How to spot and stop toxic positivity

The term toxic positivity has been around for a while, but what is it and is it really that bad? I chatted to Kim-Lee Wentzel Ricketts, Industrial Psychologist, to demystify it for us.

What is toxic positivity?

It is an obsession with positive thinking. It is the belief that people should put a positive spin on all experiences, even those that are profoundly tragic. It furthermore refers to the denial of negative emotions. There is also pressure and expectation to “stay positive” when you’re experiencing a crisis which not only invalidates your emotions but actually forces you to censor them.
Instead of asking for support and help, you end up pretending everything is fine. Toxic positivity can lead to guilt and shame, bottling what you experience.
Toxic positivity assumes that a positive mindset is the only one worth having. You are either a cheerleader or the one who drags everyone down. Over-the-top positivity is the need to express only the emotions that others will find acceptable.

The dangers of it in the workplace

Toxic positivity can especially be seen to be harmful in the workplace as it can make individuals feel invalidated, unseen and unheard. It can lead to an environment where employees are disengaged and not motivated. The pressure to be productive may also leave many people feeling inadequate and ashamed that they are simply trying to make it through the day without a panic attack, anxiety or crying spell.

Recognising toxic positivity in the workplace

The way that toxic positivity shows up in the workplace is through minimizing other people’s experiences with “feel good” quotes or statements; trying to give someone perspective (e.g., “it could be worse”) instead of validating their emotional experience; brushing off things that are bothering you with an “It is what it is”. It can be a comment to “look on the bright side” or “be grateful for what you have.” Toxic positivity can also show up as a meme that tells you to “just change your outlook to be happy.” It can be a friend who repeatedly posts how productive they’re being during lockdown. It can be your own feelings that you shouldn’t dwell on your feelings of sadness, anxiety, loneliness, or fear.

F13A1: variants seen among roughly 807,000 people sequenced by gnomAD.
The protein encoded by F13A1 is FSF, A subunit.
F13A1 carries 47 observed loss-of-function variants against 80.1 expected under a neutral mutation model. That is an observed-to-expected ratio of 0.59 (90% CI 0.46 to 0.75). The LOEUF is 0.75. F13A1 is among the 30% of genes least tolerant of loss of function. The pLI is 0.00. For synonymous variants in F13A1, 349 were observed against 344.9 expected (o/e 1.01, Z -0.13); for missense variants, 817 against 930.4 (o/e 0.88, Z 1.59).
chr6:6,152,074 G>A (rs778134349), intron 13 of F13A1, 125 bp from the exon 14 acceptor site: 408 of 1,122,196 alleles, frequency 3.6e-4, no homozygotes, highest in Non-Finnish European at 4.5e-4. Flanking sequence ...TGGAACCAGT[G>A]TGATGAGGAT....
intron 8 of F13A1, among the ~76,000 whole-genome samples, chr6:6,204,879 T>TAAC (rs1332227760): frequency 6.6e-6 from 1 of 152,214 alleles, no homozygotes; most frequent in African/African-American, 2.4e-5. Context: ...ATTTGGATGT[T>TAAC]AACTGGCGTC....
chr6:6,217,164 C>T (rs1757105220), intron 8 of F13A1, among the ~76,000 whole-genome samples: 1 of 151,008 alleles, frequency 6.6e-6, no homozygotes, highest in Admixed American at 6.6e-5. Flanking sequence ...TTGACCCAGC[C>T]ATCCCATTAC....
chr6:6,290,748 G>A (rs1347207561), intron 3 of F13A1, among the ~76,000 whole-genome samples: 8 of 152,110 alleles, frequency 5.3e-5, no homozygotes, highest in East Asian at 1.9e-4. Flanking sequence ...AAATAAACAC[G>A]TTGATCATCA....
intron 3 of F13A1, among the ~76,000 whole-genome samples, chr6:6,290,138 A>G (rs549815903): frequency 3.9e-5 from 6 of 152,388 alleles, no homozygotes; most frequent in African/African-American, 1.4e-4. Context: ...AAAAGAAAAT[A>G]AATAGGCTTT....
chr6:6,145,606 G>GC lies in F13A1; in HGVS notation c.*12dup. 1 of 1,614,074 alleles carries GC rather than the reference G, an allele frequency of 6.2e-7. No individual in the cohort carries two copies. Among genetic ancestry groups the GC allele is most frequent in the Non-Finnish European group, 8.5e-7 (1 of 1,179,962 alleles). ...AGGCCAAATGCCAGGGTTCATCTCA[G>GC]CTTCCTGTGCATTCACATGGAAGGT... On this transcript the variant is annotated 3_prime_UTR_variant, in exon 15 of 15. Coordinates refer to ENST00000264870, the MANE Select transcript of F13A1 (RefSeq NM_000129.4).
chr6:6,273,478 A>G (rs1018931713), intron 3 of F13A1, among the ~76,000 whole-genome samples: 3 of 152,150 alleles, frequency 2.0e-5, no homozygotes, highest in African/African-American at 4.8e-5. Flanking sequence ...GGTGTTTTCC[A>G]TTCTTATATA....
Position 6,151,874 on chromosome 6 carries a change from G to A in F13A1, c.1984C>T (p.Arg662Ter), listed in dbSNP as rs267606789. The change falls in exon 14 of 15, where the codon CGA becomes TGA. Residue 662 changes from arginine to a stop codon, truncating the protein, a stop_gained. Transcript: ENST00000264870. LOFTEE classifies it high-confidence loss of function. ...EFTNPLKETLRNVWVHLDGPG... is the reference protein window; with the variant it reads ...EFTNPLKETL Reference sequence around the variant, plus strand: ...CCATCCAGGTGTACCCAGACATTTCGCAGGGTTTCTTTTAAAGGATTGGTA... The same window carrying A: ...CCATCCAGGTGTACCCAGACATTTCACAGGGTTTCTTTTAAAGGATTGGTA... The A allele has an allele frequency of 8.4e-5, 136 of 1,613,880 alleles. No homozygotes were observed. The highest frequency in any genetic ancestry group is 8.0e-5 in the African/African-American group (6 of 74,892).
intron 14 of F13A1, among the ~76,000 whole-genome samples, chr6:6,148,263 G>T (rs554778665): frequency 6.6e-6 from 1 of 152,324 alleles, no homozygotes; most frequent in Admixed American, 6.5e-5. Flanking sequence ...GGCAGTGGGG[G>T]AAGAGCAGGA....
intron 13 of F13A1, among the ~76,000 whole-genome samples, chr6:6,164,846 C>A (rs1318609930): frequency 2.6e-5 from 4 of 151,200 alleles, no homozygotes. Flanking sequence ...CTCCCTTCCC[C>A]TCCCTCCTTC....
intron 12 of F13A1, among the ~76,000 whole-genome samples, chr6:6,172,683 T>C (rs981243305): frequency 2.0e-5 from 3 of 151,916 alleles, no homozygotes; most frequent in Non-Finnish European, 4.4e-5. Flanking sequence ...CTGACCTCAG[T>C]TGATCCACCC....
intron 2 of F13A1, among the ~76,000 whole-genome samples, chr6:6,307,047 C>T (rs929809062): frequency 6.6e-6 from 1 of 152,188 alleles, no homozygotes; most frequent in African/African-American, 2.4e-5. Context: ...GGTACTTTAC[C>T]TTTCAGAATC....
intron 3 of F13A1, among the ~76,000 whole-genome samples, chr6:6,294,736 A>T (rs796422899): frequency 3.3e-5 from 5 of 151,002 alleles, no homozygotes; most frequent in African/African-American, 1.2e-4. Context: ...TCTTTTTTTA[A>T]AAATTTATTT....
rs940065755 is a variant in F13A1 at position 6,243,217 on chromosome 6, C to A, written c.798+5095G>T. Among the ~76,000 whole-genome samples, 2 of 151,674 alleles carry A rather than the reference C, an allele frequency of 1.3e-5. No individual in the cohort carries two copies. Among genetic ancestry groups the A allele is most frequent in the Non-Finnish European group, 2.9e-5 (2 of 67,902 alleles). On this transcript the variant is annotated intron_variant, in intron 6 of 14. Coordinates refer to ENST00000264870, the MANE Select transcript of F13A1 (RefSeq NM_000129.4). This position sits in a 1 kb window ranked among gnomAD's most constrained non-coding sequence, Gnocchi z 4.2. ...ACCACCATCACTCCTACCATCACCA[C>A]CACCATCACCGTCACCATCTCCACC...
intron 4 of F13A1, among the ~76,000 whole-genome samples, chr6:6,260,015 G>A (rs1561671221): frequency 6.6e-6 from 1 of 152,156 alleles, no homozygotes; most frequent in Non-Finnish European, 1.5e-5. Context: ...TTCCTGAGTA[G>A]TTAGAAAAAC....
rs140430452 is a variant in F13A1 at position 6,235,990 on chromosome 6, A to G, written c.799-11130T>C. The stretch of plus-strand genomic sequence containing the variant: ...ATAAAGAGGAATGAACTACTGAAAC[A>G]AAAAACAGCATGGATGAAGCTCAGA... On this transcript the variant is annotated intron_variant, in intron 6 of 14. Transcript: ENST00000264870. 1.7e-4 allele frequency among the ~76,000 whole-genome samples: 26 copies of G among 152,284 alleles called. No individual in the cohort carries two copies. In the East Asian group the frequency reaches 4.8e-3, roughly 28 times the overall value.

Tips on avoiding it in the workplace

  1. Set healthy boundaries.
  2. Avoid ignoring or suppressing your emotions.
  3. Listen and validate how others feel — even when it’s different to how you feel.
  4. Remember, it’s OK not to be OK.
  5. Remember that feelings aren’t mutually exclusive.
  6. Be realistic.
  7. Recognize toxic positivity messages.
  • Kim-Lee hails from Grassy Park. Having attended both the University of the Western Cape and the University of Cape Town, she obtained her Master’s Degree in her respective field of industrial psychology and has paved her professional path through corporate heavy-weights.
  • She is currently completing her PHD in Parenting at the University of KwaZulu-Natal, where she hopes to use her knowledge and platform to create a positive impact in the minds, hearts and lives of youth and families in South Africa.

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